Latin America & Caribbean

Haiti after Hurricane Matthew: Can a cholera epidemic be avoided?

In this picture, a boy suffering from cholera receives treatment at a cholera centre in Anse D"Hainault, Haiti, on 11 October, 2016. The UN says Hurricane Matthew has increased the risk of a "renewed spike" in the cholera cases. Image copyright AP
Image caption A million doses of cholera vaccine are on their way to Haiti's most vulnerable

The World Health Organization (WHO) is sending a million doses of cholera vaccine to Haiti, where more than 200 cases of the killer disease have been reported since Hurricane Matthew struck on 4 October.

A race is on to curb new outbreaks before the imminent rainy season makes toilets overflow, helping cholera to spread.

"The top priority, clearly, for those people affected by the hurricane is to give them access to safe water. That's the only way we can control cholera," Dr Dominique Legros, a WHO expert, said on Tuesday.

Cholera killed around 10,000 people in Haiti after the devastating 2010 earthquake, when UN peacekeepers introduced it to the country by emptying toilet waste into the Meille River, a major water source.

Now the same communities face another mass tragedy. So what can be done to stop the epidemic?


Vaccinate the public

Image copyright EPA
Image caption The UN estimates that 1.4 million Haitians are in need of aid

The WHO wants to give Haitians an oral vaccine, which is taken in liquid form. Usually, patients get a double dose. But in this case a single dose may be used to cover twice as many people - a million instead of 500,000.

"So far, we have one experience of a large-scale campaign with a single dose - it was done in Bangladesh two years ago. It proved effective for six months," Dr Legros said.

But Dr Jean-Luc Poncelet, who is the Pan American Health Organization (PAHO) and WHO representative in Haiti, warns the vaccine is not a complete solution.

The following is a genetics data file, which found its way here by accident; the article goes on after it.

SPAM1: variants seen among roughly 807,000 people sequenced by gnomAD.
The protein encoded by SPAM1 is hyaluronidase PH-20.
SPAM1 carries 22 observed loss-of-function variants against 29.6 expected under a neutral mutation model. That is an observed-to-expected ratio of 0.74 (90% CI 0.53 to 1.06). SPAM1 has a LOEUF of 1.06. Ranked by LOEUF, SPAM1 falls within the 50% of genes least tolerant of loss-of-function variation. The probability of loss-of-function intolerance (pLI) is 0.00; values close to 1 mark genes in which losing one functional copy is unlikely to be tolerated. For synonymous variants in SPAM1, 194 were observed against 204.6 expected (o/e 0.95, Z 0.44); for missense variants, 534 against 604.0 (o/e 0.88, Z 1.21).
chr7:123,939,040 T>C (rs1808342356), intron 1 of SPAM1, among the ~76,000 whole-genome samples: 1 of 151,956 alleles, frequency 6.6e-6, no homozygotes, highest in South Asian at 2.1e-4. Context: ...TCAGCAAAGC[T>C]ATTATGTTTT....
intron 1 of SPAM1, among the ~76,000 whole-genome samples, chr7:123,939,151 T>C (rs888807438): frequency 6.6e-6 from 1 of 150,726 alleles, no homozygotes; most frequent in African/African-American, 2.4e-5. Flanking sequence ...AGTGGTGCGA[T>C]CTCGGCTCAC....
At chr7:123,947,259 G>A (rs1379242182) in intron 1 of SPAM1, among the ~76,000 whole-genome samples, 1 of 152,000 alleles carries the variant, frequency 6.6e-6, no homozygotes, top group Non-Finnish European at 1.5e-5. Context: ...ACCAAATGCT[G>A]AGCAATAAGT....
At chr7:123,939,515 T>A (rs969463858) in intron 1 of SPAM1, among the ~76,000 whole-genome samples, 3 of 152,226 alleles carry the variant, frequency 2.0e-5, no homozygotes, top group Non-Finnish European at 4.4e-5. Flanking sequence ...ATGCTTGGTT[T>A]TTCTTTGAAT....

"It's only 65% effective. So 35 out of 100 people could still get cholera," he told the BBC.

While immunity is one factor, people in high-risk areas urgently need clean water so they are not exposed to the bacteria in the first place.


Chlorine for safe water

Image copyright EPA
Image caption Cholera can spread quickly when sewage ends up in the water supply

Cholera spreads rapidly when sewage is not treated, hygiene is poor and drinking water is unsafe.

To combat these issues, Dr Poncelet says chlorine should be used to sterilise water both at its source and in people's kitchens.

"You can chlorinate the wells," he explains. "The distribution systems that do exist must be chlorinated every single day of the year. A well can be treated with chlorine, and if it is sealed properly, that well can be perfectly protected."

At home, Haitians can kill deadly bacteria by putting a few drops of chlorine in the water they use. It's an affordable solution, as a month's supply for a family of six costs around 85 US cents.

Unicef says that before the hurricane, only one in three people in Haiti had access to proper latrines, and under three in five had safe water. In rural areas, this drops to one in four for toilets and just one in two for water.

Dr Poncelet says awareness campaigns can encourage people to adopt safer habits, especially regular hand-washing.

Cholera can be lethal, but isn't actually as deadly as many people believe. With rapid treatment, many sufferers recover.


Keeping cholera patients alive

Image copyright Reuters
Image caption A patient receives treatment for cholera after Hurricane Matthew at a hospital in Les Anglais

Cholera patients need to be rehydrated - and if this happens promptly, fewer than 1% will die.

Most patients can be successfully treated with an oral rehydration solution, to replace the fluids and salts lost to diarrhoea and vomiting. Very sick people may also be put on an intravenous drip.

The WHO advises that while antibiotics can reduce the length and severity of the illness, rehydration is the single most important thing.

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Media captionThe BBC travelled with a medical team to the southern town of Port Salut, as Nick Bryant reports

Read more about Haiti:

Hurricane-ravaged Haiti mourns dead

Haiti at risk of 'real famine'

Haitians describe Hurricane ordeal


Cause for optimism?

Hurricane Matthew killed at least 1,000 people in Haiti and left 1.4 million in need of aid - including hundreds of thousands who lost their homes and crops. The United Nations (UN) has called for $120m (£98m) in emergency funds, and aid agencies are rushing to boost relief efforts on the ground.

Chlorine tablets are not hard to transport, but much will depend on getting them over damaged roads and bridges to stricken parts of Haiti's battered southern peninsula.

Dr Poncelet insists that despite the challenges ahead, Haiti need not be doomed to another huge cholera death toll.

"I am quite optimistic," he told the BBC. "The most likely scenario is an increase in the number of cases. The rainy season from October-January sees an increased number.

"But for the first time we have access to vaccines in a larger number - a million from the global stock. That will not solve the problem, but it's an additional tool we did not have in the past.

"If we really work in a co-ordinated fashion, then we should avoid the massive epidemic of 2011."

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